October 31 is known to much of the world as the pagan holiday of Halloween. But for Christians, October 31 represents something quite different. It’s what we call Reformation Day.
For it was on that date in 1517 that Martin Luther’s nailed his 95 theses to the Wittenberg church door and forever changed the world for the better.
The Gospel of Justification By Faith Alone – the idea that sinful men are saved, not by doing good works, but solely by faith in Christ Jesus – once again shone forth in all its brilliance after a millennium of suppression by the Roman Church-State and millions were saved as a result.
But Luther’s rejection of church tradition in favor of the objective, written Word of God did not revolutionize the church only. It resulted in a whole new civilization, what we now call the West, coming into existence.
Ideas such as the sanctity of private property, honesty in exchange, the rule of law, capitalism, written constitutions, secular work as pleasing to God all found their origin in the Protestant Reformation that began with Luther.
Though it is not commonly understood by Americans, our nation owes its very existence to the Biblical ideas recovered at the time of the Reformation.
Most of us are taught to trace the foundations of our republic to Greece and Rome. But limited, constitutional government did not begin with Greco-Roman civilization. It began with the Hebrew Republic as recorded for us in the Old Testament. Thus the Bible is foundational to our political system.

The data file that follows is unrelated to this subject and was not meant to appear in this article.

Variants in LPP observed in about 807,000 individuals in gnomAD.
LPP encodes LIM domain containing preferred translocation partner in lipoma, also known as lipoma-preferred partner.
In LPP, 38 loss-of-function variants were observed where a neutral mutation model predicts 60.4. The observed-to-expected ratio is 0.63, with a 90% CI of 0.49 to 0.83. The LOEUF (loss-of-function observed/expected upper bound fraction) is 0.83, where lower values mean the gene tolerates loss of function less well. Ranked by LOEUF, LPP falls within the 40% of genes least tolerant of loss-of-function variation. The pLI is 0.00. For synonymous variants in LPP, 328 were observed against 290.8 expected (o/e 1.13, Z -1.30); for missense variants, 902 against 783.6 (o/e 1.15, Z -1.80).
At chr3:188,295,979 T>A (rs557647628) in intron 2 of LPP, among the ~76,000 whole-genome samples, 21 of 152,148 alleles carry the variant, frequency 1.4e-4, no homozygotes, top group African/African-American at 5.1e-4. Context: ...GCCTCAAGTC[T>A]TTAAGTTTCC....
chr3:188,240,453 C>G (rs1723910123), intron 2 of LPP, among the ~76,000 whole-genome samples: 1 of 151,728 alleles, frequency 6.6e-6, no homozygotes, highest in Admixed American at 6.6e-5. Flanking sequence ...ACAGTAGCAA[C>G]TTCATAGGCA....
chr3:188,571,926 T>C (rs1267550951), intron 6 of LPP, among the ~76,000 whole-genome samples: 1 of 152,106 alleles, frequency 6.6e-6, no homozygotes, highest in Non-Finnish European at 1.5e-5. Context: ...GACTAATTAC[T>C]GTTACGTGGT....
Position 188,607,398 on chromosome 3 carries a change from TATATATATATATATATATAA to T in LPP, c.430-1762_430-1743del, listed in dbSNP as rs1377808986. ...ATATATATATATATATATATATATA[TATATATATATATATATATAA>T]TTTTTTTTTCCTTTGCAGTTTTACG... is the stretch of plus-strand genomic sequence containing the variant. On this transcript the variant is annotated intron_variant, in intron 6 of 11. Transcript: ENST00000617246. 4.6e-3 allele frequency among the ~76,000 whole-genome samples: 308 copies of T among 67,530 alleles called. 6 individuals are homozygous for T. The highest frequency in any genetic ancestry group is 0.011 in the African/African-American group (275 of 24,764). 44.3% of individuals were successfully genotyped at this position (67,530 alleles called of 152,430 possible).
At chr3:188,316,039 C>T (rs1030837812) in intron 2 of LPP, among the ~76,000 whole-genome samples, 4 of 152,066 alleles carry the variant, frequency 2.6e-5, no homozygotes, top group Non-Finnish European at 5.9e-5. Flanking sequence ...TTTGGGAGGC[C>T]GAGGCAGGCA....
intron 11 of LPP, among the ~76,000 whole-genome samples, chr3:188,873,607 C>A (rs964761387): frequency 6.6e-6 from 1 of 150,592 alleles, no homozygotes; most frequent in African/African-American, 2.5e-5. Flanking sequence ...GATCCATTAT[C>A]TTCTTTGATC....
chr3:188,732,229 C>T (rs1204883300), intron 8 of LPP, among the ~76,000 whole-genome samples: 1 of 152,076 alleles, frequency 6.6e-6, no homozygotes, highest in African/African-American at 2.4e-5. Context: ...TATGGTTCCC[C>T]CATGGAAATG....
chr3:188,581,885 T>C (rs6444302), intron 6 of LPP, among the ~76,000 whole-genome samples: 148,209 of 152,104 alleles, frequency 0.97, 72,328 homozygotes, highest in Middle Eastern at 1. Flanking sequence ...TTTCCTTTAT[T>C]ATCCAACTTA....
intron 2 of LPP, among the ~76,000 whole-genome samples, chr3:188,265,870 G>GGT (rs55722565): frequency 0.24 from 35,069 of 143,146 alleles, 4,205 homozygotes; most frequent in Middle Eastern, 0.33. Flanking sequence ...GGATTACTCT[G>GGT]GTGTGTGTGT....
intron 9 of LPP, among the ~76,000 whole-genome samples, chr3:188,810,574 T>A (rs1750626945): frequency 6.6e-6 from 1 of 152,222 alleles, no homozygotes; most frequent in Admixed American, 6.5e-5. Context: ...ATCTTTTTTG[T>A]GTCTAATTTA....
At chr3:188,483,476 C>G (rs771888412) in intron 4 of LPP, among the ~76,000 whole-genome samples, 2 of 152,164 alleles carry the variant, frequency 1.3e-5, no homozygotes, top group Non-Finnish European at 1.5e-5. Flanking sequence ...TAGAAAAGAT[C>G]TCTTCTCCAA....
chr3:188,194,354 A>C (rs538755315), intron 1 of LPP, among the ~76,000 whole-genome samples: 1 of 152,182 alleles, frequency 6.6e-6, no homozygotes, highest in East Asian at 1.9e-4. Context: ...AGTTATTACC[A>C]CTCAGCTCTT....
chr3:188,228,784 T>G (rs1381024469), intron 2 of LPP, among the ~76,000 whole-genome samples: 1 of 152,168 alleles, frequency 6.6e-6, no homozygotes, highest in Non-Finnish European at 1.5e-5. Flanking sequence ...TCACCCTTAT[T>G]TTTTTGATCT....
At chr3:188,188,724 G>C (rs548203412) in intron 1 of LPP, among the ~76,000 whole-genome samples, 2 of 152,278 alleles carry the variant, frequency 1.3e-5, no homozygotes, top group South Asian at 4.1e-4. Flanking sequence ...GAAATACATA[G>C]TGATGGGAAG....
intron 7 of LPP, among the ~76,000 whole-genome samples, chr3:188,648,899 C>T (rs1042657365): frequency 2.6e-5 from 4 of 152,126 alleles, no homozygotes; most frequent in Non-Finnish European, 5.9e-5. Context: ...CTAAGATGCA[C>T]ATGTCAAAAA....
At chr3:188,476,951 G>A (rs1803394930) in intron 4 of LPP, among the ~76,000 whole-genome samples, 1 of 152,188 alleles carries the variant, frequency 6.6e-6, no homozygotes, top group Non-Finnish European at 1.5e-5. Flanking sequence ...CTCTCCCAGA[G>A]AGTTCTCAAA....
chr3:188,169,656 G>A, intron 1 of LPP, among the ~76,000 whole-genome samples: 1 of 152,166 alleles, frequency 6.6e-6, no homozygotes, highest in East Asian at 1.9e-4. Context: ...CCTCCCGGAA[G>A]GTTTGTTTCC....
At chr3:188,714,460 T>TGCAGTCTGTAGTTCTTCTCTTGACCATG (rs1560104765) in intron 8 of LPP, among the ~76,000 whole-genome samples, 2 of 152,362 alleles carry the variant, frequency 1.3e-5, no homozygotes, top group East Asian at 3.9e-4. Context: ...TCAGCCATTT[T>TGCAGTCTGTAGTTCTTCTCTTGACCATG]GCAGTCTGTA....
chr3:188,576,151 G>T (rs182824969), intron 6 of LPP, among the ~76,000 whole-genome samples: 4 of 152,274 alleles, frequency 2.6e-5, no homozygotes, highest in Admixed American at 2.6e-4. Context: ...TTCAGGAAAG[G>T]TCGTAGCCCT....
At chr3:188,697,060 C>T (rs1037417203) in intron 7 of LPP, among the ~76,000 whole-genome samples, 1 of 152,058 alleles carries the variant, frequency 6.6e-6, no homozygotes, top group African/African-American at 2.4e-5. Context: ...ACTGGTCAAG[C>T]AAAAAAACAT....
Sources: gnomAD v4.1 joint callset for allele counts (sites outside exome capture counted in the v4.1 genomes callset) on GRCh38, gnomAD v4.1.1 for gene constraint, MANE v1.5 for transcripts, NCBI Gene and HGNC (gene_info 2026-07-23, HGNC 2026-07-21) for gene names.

In like manner, our economic system of capitalism or free enterprise finds its origins, not in the writings of pagan philosophers, nor in the thought of medieval scholastics, nor in the principles of the Renaissance, but in the propositions of the Word of God, the 66 books of the Bible.
To put it another way: No Protestant Reformation, no United States of America. To quote John Robbins,
One of Luther’s most brilliant followers, John Calvin, systematized the theology of the Reformation. The seventeenth-century Calvinists laid the foundations for both English and American civil rights and liberties: freedom of speech, pres, and religion, the privilege against self-incrimination, the independence of juries, and right of habeas corpus, the right not to be imprisoned without cause. The nineteenth-century German historian Leopold von Ranke referred to Calvin as the “virtual founder of America” (Civilization and the Protestant Reformation).